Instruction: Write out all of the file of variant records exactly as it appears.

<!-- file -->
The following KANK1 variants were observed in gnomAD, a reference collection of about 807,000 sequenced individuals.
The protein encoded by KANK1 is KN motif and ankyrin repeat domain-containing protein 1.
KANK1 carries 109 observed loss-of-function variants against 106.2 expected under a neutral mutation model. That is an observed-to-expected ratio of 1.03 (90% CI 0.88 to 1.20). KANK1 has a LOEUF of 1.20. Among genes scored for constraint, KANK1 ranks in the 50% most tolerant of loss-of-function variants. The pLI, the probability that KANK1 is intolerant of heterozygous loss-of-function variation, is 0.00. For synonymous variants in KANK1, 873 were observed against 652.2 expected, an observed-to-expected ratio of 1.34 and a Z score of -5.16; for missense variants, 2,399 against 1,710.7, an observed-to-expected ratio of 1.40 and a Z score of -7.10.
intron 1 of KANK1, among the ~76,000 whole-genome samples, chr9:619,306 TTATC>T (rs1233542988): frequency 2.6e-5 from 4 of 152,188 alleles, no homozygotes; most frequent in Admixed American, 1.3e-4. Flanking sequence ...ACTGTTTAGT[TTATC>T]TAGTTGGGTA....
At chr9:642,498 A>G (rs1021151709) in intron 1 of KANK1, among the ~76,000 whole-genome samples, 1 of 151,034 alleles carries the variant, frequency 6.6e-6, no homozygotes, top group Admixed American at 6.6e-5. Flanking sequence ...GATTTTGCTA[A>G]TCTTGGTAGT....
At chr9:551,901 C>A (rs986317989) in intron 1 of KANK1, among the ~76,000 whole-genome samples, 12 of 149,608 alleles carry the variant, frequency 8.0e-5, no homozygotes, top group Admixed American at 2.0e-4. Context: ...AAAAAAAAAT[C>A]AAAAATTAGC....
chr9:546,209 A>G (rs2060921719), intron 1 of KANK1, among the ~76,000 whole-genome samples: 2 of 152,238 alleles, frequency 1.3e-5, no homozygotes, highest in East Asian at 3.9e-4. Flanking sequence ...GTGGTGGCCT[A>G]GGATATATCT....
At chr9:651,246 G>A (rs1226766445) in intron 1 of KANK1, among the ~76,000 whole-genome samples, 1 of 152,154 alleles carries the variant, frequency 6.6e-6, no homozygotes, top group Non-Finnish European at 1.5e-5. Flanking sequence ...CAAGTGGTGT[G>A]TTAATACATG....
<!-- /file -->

The following KANK1 variants were observed in gnomAD, a reference collection of about 807,000 sequenced individuals.
The protein encoded by KANK1 is KN motif and ankyrin repeat domain-containing protein 1.
KANK1 carries 109 observed loss-of-function variants against 106.2 expected under a neutral mutation model. That is an observed-to-expected ratio of 1.03 (90% CI 0.88 to 1.20). KANK1 has a LOEUF of 1.20. Among genes scored for constraint, KANK1 ranks in the 50% most tolerant of loss-of-function variants. The pLI, the probability that KANK1 is intolerant of heterozygous loss-of-function variation, is 0.00. For synonymous variants in KANK1, 873 were observed against 652.2 expected, an observed-to-expected ratio of 1.34 and a Z score of -5.16; for missense variants, 2,399 against 1,710.7, an observed-to-expected ratio of 1.40 and a Z score of -7.10.
intron 1 of KANK1, among the ~76,000 whole-genome samples, chr9:619,306 TTATC>T (rs1233542988): frequency 2.6e-5 from 4 of 152,188 alleles, no homozygotes; most frequent in Admixed American, 1.3e-4. Flanking sequence ...ACTGTTTAGT[TTATC>T]TAGTTGGGTA....
At chr9:642,498 A>G (rs1021151709) in intron 1 of KANK1, among the ~76,000 whole-genome samples, 1 of 151,034 alleles carries the variant, frequency 6.6e-6, no homozygotes, top group Admixed American at 6.6e-5. Flanking sequence ...GATTTTGCTA[A>G]TCTTGGTAGT....
At chr9:551,901 C>A (rs986317989) in intron 1 of KANK1, among the ~76,000 whole-genome samples, 12 of 149,608 alleles carry the variant, frequency 8.0e-5, no homozygotes, top group Admixed American at 2.0e-4. Context: ...AAAAAAAAAT[C>A]AAAAATTAGC....
chr9:546,209 A>G (rs2060921719), intron 1 of KANK1, among the ~76,000 whole-genome samples: 2 of 152,238 alleles, frequency 1.3e-5, no homozygotes, highest in East Asian at 3.9e-4. Flanking sequence ...GTGGTGGCCT[A>G]GGATATATCT....
At chr9:651,246 G>A (rs1226766445) in intron 1 of KANK1, among the ~76,000 whole-genome samples, 1 of 152,154 alleles carries the variant, frequency 6.6e-6, no homozygotes, top group Non-Finnish European at 1.5e-5. Flanking sequence ...CAAGTGGTGT[G>A]TTAATACATG....